It comes amid reports and the World Health Organisation’s (WHO) concerns over an overwhelming number of admissions of children with respiratory illness, as local authorities in China set up new fever clinics to deal with the influx and urge people to wear masks.
The Chinese Health Ministry has linked the rise in cases to the simultaneous circulation of several types of pathogens, such as influenza, rhinoviruses, the respiratory syncytial virus (or RSV), the adenovirus, as well as bacteria such as mycoplasma pneumonia.
But it insisted that no “unusual or novel diseases” have been found, amid fears of an outbreak similar to the Covid-19 pandemic and scepticism over the Chinese government’s transparency on data.
On Saturday, Taiwan became one of the first countries to heighten surveillance, with its health minister putting the island’s ports and airports on “high alert”.
The Taiwan Centers for Disease Control said notices have been placed, urging travellers arriving from mainland China, Hong Kong and Macau to reveal their travel history and seek medical help if symptomatic.
CDC spokesperson Lo Yi-chun said in a weekly news conference update that measures were being taken despite a decline in transmission of influenza-like diseases in Taiwan while cases of mycoplasma pneumonia-caused illnesses are at a low level.
Health officials warned people travelling to China to pay attention to hygiene, get vaccinated for flu and wear face masks during travels to the country.
In neighbouring India, at least five states have put health infrastructure on alert after the federal health ministry directed all the state governments to ensure readiness for a potential surge of respiratory illness.
Health agencies in the states of Rajasthan, Gujarat, Uttarakhand, Karnataka, and Tamil Nadu have issued advisories so far.
“In view of the recent reports indicating a surge in respiratory illness in children in northern China in recent weeks, the Union Health Ministry has proactively decided to review the preparedness measures against respiratory illnesses, as a matter of abundant caution,” India’s Health Ministry said on Sunday.
It added that there “is no need for any alarm” as the “government of India is closely monitoring the situation”.
Thailand is also bracing for a potential rise in respiratory illness among its citizens. The Thai Ministry of Public Health has called for officials to ramp up surveillance, especially in tourist areas, and advised people to wear masks and wash their hands to avoid the risk of disease.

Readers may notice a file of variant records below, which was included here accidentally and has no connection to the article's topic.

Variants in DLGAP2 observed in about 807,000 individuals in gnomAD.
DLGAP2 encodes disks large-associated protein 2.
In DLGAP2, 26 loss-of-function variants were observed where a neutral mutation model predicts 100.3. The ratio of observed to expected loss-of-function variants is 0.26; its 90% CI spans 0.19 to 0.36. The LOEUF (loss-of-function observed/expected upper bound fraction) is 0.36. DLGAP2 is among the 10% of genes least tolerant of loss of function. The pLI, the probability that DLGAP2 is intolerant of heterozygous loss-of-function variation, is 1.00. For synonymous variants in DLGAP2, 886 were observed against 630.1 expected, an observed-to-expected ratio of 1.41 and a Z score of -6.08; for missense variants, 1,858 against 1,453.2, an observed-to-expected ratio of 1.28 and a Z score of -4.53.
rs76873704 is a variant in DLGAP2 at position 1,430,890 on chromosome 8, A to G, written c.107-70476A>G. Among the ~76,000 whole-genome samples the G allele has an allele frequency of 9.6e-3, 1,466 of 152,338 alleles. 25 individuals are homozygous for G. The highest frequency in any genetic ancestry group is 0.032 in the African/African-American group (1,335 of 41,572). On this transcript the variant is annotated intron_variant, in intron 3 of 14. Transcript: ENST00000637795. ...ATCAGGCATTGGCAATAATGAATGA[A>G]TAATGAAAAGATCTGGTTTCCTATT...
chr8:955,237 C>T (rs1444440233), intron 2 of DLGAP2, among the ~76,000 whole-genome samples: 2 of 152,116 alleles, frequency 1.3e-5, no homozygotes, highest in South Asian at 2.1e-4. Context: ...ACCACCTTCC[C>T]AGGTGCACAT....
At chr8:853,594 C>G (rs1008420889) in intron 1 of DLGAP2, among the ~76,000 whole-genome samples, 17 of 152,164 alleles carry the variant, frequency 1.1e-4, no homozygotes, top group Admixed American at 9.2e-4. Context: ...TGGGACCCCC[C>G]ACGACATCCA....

Hospitals have been urged to ensure they have an adequate supply of medications, medical equipment (such as ventilators, oxygen supplies and diagnostic tools), protective gear for staff and sufficient bed capacity to effectively treat and manage a potential increase in respiratory illnesses.
Thailand’s public health minister Dr Cholnan Srikaew: “There’s no need yet to set up surveillance and screening of passengers at airports. But we’re putting our guard up.”
Nepal health officials said they have been “carrying out regular surveillance of those pathogens” as respiratory infections including influenza and mycoplasma pneumonia are already in circulation in the country.
“All the said viruses and bacteria are common in our country and are in circulation,” said Dr Ranjan Bhatta, director at the National Public Health Laboratory.
Dr Sher Bahadur Pun, the Head of Sukraraj Tropical and Infectious Disease Hospital in Teku, Kathmandu, told The Daily Telegraph that “children are increasingly experiencing flu-like symptoms”.
“In light of the growing number of tourists visiting Nepal in recent weeks, I believe it’s crucial for us to prepare for a potential outbreak originating from China,” he said.
Fears over the illness sweeping Chinese hospitals are rife after the WHO issued a formal request to China for data on the illnesses.
A Beijing children’s hospital earlier told state media CCTV that at least 7,000 patients were being admitted daily to the institution, far exceeding its capacity.
Last week, the largest paediatric hospital in nearby Tianjin reportedly received more than 13,000 children at its outpatient and emergency departments. Liaoning province, about 690km northeast of the capital, is also grappling with high case numbers.
However, experts have said there is no need for global concerns yet. China is also complying with the UN health agency and its data sent to the WHO indicated that the rise in cases can be attributed to a rise in known and existing pathogens.
“Thus far, based on what we know from WHO, I don’t think the spike in respiratory illnesses should cause global concern,” Dr Leana Wen, a medical health expert, told CNN.